RobDecember 20th, 2015 at 1:43 pm

I really enjoyed this vicarious trip to a place I would never have expected bikepackers to go. Looked like a happy adventure – thanks for sharing all these great photos. Would like to learn more about the gear that worked for you, how stuff held up in actual remote-area usage, and what you’d do differently next time.

SonjaNovember 6th, 2016 at 10:40 am

Hi there,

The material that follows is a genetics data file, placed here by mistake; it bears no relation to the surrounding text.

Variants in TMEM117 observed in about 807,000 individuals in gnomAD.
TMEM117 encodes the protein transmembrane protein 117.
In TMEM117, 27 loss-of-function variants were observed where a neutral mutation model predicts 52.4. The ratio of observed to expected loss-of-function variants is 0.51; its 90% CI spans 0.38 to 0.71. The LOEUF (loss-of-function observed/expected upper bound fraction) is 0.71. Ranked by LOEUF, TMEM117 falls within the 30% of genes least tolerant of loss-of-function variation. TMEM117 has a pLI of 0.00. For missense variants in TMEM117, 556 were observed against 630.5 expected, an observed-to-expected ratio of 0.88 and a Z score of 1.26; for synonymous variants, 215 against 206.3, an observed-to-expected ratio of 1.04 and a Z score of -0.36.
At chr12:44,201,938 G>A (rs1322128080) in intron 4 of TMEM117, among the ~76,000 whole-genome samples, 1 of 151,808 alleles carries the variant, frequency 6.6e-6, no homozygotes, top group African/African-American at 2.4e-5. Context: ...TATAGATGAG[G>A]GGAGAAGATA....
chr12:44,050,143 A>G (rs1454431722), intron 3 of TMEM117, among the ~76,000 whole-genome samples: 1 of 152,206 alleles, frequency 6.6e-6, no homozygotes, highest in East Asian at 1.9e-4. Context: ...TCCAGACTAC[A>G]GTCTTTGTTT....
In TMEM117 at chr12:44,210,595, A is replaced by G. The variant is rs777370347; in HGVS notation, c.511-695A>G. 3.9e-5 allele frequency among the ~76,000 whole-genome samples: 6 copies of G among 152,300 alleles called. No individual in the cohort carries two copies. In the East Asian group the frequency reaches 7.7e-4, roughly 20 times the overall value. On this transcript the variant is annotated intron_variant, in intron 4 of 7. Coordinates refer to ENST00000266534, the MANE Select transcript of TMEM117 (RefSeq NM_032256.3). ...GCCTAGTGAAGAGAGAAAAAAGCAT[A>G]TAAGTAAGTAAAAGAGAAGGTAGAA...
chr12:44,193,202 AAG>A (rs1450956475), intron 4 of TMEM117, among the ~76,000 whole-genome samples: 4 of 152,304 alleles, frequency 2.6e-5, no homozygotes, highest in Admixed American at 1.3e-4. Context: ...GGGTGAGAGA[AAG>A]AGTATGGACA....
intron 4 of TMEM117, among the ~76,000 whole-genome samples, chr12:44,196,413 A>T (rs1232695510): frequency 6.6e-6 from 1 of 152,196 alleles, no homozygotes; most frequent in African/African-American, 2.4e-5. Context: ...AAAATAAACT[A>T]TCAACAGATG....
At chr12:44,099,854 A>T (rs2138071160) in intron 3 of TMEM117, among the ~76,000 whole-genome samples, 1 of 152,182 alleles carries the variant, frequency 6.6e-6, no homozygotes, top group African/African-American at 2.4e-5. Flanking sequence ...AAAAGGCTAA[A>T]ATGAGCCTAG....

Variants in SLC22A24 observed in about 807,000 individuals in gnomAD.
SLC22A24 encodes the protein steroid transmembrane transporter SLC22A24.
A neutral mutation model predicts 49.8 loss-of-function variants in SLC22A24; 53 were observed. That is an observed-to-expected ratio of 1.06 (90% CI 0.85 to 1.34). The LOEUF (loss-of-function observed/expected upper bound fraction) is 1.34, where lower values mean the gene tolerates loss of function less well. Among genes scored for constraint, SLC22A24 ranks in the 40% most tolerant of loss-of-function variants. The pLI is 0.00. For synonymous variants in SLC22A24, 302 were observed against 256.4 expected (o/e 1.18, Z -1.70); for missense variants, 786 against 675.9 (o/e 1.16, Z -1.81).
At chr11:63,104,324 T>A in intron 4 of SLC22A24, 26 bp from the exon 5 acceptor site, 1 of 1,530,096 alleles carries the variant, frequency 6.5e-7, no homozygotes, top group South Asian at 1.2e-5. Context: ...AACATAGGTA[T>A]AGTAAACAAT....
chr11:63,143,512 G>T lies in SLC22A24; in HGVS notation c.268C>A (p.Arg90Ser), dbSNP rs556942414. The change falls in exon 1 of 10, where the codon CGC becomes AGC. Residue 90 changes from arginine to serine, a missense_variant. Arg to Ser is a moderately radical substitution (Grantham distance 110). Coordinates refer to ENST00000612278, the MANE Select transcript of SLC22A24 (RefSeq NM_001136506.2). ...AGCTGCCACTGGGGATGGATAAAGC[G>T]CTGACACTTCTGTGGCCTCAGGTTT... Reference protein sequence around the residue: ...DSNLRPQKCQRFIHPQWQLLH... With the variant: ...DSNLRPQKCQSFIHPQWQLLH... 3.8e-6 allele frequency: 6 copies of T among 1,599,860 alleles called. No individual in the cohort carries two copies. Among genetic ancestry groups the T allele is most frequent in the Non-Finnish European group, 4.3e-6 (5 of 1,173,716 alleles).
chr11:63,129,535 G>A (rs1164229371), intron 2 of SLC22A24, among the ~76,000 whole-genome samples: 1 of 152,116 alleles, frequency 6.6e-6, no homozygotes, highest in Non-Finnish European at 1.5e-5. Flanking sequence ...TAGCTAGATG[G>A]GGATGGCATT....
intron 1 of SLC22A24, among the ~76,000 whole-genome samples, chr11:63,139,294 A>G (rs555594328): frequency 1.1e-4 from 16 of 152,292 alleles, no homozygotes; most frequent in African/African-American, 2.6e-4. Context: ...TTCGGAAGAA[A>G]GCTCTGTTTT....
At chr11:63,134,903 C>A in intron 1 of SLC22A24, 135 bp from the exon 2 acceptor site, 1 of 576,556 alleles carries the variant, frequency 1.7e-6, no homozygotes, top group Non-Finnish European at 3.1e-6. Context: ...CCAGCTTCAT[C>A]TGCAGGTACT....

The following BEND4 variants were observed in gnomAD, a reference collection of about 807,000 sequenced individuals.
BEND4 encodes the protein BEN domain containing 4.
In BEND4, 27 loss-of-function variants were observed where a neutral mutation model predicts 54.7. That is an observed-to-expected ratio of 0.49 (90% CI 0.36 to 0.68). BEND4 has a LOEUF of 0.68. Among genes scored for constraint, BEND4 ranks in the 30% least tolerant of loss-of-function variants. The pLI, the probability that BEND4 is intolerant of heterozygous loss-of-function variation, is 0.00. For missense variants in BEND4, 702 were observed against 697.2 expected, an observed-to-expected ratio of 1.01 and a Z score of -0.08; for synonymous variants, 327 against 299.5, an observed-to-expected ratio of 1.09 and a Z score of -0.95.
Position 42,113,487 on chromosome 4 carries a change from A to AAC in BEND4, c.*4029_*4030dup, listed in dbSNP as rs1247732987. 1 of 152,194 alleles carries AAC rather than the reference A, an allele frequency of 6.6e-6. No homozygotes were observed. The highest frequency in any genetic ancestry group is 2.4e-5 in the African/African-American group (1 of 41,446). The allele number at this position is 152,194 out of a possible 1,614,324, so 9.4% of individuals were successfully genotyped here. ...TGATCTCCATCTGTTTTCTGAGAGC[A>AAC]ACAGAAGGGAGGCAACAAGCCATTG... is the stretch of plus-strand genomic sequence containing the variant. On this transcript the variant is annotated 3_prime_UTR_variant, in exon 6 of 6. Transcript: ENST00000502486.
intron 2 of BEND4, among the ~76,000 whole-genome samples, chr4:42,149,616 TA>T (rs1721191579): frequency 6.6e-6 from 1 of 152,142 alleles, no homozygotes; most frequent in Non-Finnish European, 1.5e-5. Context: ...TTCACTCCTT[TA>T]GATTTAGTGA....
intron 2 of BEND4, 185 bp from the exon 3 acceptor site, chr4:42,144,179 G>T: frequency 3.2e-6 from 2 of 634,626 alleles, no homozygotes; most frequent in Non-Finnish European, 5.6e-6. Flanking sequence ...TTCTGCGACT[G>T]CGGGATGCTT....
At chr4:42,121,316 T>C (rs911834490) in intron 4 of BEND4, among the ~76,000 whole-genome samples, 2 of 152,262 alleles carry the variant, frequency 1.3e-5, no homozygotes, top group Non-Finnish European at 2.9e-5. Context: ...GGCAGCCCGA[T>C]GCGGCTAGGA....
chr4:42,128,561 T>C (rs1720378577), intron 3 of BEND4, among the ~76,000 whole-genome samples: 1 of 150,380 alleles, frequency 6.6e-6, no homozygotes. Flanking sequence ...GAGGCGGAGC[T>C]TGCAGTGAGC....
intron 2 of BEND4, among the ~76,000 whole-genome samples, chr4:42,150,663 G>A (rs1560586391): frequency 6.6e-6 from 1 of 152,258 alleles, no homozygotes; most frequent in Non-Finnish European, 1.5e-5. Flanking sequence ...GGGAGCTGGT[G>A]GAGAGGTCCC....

Amazing photos and trip! My partner and I are planning on doing this route starting in December and I was curious as to why you decided to start in Cape town? We are thinking about following most of the routes of the dragon spine, but we weren’t sure if we should go North to South as the book does, or South to North as you guys went. Thanks for any advice!


Add your review / comments

Your comment

bikepacking.net is powered by WordPress | Entries (RSS) and Comments (RSS)|